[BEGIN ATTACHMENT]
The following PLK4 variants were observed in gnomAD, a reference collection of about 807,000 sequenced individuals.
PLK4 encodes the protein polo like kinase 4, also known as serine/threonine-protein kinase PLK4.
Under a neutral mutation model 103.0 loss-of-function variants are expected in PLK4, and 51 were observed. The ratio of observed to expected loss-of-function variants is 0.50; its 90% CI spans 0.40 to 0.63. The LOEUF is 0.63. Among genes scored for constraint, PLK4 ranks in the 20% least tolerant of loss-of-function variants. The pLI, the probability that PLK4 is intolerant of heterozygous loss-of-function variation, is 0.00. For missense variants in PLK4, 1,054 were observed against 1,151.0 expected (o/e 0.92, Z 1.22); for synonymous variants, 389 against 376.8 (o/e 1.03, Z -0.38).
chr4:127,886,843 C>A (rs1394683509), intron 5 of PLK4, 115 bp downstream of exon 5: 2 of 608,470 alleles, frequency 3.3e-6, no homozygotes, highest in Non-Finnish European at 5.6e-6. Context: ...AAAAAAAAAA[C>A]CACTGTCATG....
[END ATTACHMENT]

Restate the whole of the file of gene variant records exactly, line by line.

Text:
The following PLK4 variants were observed in gnomAD, a reference collection of about 807,000 sequenced individuals.
PLK4 encodes the protein polo like kinase 4, also known as serine/threonine-protein kinase PLK4.
Under a neutral mutation model 103.0 loss-of-function variants are expected in PLK4, and 51 were observed. The ratio of observed to expected loss-of-function variants is 0.50; its 90% CI spans 0.40 to 0.63. The LOEUF is 0.63. Among genes scored for constraint, PLK4 ranks in the 20% least tolerant of loss-of-function variants. The pLI, the probability that PLK4 is intolerant of heterozygous loss-of-function variation, is 0.00. For missense variants in PLK4, 1,054 were observed against 1,151.0 expected (o/e 0.92, Z 1.22); for synonymous variants, 389 against 376.8 (o/e 1.03, Z -0.38).
chr4:127,886,843 C>A (rs1394683509), intron 5 of PLK4, 115 bp downstream of exon 5: 2 of 608,470 alleles, frequency 3.3e-6, no homozygotes, highest in Non-Finnish European at 5.6e-6. Context: ...AAAAAAAAAA[C>A]CACTGTCATG....